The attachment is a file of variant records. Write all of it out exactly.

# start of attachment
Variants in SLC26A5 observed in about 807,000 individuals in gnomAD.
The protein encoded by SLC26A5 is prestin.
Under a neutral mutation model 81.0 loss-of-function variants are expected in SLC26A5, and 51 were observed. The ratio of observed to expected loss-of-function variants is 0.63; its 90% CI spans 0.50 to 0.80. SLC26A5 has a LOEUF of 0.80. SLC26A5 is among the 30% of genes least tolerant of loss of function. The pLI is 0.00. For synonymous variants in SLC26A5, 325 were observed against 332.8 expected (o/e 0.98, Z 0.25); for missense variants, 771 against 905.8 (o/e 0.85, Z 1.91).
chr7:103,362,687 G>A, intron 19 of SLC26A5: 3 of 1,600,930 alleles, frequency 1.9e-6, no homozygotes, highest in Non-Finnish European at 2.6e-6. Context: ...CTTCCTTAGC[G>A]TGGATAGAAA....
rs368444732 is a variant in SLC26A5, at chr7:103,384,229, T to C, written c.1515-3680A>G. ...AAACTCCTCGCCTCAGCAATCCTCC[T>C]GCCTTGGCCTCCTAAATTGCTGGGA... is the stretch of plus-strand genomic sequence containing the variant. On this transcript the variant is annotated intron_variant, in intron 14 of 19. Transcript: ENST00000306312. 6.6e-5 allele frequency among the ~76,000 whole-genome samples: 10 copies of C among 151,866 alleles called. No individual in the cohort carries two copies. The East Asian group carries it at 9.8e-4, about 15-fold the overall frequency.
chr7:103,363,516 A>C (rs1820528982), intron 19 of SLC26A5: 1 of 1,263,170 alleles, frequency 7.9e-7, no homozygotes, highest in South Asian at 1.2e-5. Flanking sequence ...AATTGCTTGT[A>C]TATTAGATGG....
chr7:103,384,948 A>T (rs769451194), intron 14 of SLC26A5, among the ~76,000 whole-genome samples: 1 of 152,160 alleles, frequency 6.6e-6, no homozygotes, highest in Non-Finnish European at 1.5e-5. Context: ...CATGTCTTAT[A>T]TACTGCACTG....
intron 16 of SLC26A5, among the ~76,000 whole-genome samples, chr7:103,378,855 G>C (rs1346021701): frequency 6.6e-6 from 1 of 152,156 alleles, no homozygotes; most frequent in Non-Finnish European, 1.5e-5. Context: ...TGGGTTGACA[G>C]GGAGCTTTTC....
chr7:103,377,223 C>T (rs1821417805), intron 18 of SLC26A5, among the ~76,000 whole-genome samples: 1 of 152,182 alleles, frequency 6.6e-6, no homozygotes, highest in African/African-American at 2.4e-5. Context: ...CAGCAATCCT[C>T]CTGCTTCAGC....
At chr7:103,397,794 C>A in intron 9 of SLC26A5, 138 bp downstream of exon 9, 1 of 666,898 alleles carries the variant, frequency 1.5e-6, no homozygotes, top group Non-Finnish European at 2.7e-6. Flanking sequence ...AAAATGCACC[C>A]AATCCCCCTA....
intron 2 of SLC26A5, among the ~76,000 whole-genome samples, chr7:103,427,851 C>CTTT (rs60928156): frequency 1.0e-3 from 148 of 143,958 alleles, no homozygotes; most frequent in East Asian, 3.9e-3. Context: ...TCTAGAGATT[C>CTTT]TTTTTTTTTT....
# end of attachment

Variants in SLC26A5 observed in about 807,000 individuals in gnomAD.
The protein encoded by SLC26A5 is prestin.
Under a neutral mutation model 81.0 loss-of-function variants are expected in SLC26A5, and 51 were observed. The ratio of observed to expected loss-of-function variants is 0.63; its 90% CI spans 0.50 to 0.80. SLC26A5 has a LOEUF of 0.80. SLC26A5 is among the 30% of genes least tolerant of loss of function. The pLI is 0.00. For synonymous variants in SLC26A5, 325 were observed against 332.8 expected (o/e 0.98, Z 0.25); for missense variants, 771 against 905.8 (o/e 0.85, Z 1.91).
chr7:103,362,687 G>A, intron 19 of SLC26A5: 3 of 1,600,930 alleles, frequency 1.9e-6, no homozygotes, highest in Non-Finnish European at 2.6e-6. Context: ...CTTCCTTAGC[G>A]TGGATAGAAA....
rs368444732 is a variant in SLC26A5, at chr7:103,384,229, T to C, written c.1515-3680A>G. ...AAACTCCTCGCCTCAGCAATCCTCC[T>C]GCCTTGGCCTCCTAAATTGCTGGGA... is the stretch of plus-strand genomic sequence containing the variant. On this transcript the variant is annotated intron_variant, in intron 14 of 19. Transcript: ENST00000306312. 6.6e-5 allele frequency among the ~76,000 whole-genome samples: 10 copies of C among 151,866 alleles called. No individual in the cohort carries two copies. The East Asian group carries it at 9.8e-4, about 15-fold the overall frequency.
chr7:103,363,516 A>C (rs1820528982), intron 19 of SLC26A5: 1 of 1,263,170 alleles, frequency 7.9e-7, no homozygotes, highest in South Asian at 1.2e-5. Flanking sequence ...AATTGCTTGT[A>C]TATTAGATGG....
chr7:103,384,948 A>T (rs769451194), intron 14 of SLC26A5, among the ~76,000 whole-genome samples: 1 of 152,160 alleles, frequency 6.6e-6, no homozygotes, highest in Non-Finnish European at 1.5e-5. Context: ...CATGTCTTAT[A>T]TACTGCACTG....
intron 16 of SLC26A5, among the ~76,000 whole-genome samples, chr7:103,378,855 G>C (rs1346021701): frequency 6.6e-6 from 1 of 152,156 alleles, no homozygotes; most frequent in Non-Finnish European, 1.5e-5. Context: ...TGGGTTGACA[G>C]GGAGCTTTTC....
chr7:103,377,223 C>T (rs1821417805), intron 18 of SLC26A5, among the ~76,000 whole-genome samples: 1 of 152,182 alleles, frequency 6.6e-6, no homozygotes, highest in African/African-American at 2.4e-5. Context: ...CAGCAATCCT[C>T]CTGCTTCAGC....
At chr7:103,397,794 C>A in intron 9 of SLC26A5, 138 bp downstream of exon 9, 1 of 666,898 alleles carries the variant, frequency 1.5e-6, no homozygotes, top group Non-Finnish European at 2.7e-6. Flanking sequence ...AAAATGCACC[C>A]AATCCCCCTA....
intron 2 of SLC26A5, among the ~76,000 whole-genome samples, chr7:103,427,851 C>CTTT (rs60928156): frequency 1.0e-3 from 148 of 143,958 alleles, no homozygotes; most frequent in East Asian, 3.9e-3. Context: ...TCTAGAGATT[C>CTTT]TTTTTTTTTT....